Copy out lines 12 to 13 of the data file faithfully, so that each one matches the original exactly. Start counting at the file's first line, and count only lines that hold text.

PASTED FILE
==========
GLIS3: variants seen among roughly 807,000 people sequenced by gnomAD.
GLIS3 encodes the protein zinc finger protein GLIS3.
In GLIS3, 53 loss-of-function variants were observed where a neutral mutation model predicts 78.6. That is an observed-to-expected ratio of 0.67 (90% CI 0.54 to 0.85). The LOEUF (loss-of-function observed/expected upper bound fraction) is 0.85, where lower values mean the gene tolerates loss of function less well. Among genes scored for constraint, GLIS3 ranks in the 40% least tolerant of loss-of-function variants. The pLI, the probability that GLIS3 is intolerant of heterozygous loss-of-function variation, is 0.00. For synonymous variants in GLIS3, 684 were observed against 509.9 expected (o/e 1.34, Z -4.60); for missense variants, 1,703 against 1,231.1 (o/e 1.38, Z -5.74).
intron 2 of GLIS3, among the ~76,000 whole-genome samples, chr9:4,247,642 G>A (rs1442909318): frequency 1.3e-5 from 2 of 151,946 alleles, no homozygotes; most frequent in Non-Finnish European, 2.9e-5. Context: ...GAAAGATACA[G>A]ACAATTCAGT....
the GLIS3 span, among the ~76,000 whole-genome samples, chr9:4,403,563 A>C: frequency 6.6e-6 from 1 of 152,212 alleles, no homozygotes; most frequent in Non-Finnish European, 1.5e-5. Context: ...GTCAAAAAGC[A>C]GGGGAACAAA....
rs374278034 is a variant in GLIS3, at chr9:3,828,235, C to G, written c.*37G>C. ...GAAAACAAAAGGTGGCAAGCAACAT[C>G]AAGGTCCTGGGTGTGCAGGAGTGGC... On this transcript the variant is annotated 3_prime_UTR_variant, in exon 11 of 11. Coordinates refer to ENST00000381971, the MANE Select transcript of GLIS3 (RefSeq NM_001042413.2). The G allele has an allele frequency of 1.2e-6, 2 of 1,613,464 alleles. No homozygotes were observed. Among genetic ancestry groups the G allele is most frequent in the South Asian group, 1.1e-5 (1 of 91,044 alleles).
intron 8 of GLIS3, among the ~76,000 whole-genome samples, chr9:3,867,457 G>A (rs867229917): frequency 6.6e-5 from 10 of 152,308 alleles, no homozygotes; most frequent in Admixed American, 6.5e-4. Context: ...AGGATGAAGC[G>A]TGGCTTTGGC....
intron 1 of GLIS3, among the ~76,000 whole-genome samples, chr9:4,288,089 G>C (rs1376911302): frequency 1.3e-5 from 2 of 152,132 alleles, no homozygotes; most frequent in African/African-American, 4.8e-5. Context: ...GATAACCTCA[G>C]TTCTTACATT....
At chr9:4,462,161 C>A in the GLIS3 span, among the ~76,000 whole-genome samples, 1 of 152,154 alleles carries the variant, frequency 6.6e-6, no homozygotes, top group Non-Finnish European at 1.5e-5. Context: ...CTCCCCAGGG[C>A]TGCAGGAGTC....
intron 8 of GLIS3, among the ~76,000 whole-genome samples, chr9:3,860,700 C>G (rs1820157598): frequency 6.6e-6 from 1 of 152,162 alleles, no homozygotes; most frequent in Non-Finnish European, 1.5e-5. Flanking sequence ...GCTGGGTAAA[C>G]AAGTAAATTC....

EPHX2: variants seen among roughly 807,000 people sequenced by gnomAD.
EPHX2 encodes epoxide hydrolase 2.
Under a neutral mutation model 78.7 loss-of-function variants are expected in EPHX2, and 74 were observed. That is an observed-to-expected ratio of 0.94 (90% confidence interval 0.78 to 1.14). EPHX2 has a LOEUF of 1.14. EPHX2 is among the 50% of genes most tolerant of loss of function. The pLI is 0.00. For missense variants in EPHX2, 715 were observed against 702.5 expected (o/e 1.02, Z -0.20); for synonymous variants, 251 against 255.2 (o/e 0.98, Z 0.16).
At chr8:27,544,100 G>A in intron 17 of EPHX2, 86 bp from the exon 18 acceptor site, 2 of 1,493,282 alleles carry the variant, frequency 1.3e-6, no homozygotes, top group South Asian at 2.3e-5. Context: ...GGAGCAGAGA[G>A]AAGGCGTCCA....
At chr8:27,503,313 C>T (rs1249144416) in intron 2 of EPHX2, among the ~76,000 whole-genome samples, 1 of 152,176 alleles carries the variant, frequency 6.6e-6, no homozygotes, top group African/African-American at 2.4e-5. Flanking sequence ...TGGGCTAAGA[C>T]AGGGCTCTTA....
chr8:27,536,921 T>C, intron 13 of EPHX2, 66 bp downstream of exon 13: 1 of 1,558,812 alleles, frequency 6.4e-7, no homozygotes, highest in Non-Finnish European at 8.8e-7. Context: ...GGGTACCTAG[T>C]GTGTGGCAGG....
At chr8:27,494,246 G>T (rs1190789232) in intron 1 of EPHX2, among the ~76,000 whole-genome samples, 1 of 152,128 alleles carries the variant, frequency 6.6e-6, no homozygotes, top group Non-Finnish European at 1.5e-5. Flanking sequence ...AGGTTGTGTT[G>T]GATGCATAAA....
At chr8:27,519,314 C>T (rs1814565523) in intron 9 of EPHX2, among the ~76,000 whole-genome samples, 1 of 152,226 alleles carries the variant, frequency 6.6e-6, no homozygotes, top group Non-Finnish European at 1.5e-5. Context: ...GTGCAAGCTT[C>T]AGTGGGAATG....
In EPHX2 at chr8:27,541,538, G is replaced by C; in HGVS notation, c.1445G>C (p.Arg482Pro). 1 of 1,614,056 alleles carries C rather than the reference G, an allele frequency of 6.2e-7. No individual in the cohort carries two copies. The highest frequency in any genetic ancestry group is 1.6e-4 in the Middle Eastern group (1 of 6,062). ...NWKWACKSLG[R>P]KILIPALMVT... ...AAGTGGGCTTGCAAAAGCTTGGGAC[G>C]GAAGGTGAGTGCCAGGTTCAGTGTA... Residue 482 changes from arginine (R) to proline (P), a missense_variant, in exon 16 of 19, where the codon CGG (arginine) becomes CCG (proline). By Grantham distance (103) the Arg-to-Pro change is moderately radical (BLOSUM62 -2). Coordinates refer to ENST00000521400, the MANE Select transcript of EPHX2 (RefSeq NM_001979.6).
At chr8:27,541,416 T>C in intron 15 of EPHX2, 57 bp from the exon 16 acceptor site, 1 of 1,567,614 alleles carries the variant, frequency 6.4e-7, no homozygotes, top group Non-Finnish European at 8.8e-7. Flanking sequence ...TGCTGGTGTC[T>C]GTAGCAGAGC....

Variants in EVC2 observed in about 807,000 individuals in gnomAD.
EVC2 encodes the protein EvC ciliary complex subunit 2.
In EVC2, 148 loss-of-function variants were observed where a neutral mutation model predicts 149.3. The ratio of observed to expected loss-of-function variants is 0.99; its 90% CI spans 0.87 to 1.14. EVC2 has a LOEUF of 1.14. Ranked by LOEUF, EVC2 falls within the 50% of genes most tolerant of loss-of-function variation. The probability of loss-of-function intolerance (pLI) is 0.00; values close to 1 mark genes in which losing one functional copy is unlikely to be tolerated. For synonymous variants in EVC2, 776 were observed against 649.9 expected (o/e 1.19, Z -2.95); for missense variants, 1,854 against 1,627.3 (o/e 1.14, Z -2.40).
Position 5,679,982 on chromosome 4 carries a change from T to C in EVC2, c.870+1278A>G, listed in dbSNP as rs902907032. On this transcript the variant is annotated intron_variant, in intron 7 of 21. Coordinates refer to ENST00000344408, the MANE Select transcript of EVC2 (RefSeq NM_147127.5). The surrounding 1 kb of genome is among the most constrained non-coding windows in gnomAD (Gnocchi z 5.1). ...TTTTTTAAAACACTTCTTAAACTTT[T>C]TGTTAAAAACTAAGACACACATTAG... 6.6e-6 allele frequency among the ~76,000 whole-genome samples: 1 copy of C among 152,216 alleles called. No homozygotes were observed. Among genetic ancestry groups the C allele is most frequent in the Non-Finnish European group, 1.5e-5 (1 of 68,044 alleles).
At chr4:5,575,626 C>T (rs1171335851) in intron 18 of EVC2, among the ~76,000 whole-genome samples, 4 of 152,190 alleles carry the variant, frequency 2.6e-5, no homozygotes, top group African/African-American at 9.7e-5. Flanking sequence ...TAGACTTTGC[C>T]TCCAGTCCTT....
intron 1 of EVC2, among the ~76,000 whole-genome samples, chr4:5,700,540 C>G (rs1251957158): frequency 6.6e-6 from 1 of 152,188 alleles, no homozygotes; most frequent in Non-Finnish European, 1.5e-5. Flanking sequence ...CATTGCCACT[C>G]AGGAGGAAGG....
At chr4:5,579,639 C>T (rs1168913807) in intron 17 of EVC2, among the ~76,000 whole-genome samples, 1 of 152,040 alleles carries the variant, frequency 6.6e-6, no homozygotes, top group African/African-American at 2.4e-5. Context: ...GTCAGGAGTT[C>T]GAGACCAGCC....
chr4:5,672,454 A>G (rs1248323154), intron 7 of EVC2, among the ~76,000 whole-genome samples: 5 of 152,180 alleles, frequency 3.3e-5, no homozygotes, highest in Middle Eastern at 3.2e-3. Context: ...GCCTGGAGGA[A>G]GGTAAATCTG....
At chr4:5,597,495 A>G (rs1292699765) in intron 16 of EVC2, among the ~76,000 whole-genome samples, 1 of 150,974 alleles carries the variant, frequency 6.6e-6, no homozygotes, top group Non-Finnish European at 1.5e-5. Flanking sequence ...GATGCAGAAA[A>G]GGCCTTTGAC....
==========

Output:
EPHX2 encodes epoxide hydrolase 2.
Under a neutral mutation model 78.7 loss-of-function variants are expected in EPHX2, and 74 were observed. That is an observed-to-expected ratio of 0.94 (90% confidence interval 0.78 to 1.14). EPHX2 has a LOEUF of 1.14. EPHX2 is among the 50% of genes most tolerant of loss of function. The pLI is 0.00. For missense variants in EPHX2, 715 were observed against 702.5 expected (o/e 1.02, Z -0.20); for synonymous variants, 251 against 255.2 (o/e 0.98, Z 0.16).